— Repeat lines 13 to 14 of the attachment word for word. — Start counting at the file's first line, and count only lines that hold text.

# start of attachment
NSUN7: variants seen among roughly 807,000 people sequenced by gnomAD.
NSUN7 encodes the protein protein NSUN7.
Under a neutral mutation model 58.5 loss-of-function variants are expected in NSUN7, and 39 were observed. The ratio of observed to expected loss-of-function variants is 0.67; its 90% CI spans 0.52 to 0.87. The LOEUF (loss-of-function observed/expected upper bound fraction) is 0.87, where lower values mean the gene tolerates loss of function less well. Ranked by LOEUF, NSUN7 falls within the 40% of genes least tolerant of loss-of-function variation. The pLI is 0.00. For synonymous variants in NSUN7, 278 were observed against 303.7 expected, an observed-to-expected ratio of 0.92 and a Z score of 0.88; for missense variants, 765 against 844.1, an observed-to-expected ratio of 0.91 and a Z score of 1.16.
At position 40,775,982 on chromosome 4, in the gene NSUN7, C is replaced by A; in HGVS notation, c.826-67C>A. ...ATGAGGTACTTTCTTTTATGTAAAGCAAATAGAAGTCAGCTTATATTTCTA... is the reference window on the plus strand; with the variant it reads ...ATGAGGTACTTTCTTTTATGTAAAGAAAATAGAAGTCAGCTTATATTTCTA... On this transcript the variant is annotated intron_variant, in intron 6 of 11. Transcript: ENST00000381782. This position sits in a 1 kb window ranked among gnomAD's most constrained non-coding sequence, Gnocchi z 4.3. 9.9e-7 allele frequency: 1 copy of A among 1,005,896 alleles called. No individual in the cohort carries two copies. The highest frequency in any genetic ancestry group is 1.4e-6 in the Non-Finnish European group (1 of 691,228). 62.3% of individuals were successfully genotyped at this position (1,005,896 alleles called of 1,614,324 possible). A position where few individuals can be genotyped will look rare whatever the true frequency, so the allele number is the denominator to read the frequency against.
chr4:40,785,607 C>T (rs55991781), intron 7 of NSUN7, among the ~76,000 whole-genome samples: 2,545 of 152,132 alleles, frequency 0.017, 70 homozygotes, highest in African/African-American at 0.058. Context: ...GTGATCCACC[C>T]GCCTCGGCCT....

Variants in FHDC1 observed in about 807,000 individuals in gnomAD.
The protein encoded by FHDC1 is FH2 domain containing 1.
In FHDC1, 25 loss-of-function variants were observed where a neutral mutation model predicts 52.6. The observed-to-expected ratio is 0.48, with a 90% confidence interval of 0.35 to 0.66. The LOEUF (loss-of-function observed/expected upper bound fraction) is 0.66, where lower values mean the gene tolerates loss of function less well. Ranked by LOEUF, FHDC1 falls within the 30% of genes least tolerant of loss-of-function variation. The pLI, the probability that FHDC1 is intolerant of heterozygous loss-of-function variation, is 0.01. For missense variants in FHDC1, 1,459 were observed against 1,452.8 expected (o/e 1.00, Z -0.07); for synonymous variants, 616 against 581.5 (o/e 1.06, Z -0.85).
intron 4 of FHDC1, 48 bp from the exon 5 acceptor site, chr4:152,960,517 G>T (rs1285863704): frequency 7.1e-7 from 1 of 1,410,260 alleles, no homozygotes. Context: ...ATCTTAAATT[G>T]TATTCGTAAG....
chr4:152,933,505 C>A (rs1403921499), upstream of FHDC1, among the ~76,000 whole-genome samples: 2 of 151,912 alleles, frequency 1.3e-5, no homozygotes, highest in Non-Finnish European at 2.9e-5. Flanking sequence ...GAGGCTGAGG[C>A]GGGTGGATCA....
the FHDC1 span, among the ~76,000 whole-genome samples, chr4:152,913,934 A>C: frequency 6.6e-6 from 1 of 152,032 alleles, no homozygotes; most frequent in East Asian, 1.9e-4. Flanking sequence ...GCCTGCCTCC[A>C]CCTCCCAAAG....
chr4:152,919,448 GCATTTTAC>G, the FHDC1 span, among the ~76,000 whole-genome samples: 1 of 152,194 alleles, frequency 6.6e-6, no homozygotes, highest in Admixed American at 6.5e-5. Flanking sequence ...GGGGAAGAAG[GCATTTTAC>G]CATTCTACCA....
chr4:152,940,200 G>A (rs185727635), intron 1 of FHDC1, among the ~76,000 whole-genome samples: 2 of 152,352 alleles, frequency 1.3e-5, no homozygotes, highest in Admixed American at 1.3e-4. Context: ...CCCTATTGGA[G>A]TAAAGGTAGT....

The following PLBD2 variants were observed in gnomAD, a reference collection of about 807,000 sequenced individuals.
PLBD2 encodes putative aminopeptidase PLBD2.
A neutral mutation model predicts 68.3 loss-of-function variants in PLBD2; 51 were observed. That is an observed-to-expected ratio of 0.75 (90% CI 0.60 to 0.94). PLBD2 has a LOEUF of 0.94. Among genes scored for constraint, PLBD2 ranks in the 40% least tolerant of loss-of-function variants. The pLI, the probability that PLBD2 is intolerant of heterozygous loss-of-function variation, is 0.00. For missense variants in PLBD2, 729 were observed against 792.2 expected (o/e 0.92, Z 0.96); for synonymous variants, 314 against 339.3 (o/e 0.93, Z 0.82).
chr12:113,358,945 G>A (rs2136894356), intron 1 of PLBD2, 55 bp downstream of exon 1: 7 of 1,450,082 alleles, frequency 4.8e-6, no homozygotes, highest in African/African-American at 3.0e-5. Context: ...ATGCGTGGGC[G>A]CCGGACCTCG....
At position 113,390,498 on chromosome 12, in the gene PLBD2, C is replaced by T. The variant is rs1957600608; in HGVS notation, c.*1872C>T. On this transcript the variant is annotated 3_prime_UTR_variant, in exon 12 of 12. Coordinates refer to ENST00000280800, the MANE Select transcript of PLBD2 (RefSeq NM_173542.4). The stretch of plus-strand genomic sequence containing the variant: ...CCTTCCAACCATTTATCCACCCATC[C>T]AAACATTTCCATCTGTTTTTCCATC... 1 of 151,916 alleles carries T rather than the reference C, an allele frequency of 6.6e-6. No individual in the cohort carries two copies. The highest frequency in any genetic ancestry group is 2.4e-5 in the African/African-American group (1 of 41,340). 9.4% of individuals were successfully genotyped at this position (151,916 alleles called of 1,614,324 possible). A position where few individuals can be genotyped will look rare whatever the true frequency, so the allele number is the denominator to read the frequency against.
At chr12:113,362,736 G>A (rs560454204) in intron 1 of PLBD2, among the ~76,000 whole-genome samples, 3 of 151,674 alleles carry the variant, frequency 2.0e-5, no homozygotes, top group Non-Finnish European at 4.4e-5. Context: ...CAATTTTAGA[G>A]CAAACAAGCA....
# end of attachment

chr4:152,940,200 G>A (rs185727635), intron 1 of FHDC1, among the ~76,000 whole-genome samples: 2 of 152,352 alleles, frequency 1.3e-5, no homozygotes, highest in Admixed American at 1.3e-4. Context: ...CCCTATTGGA[G>A]TAAAGGTAGT....

The following PLBD2 variants were observed in gnomAD, a reference collection of about 807,000 sequenced individuals.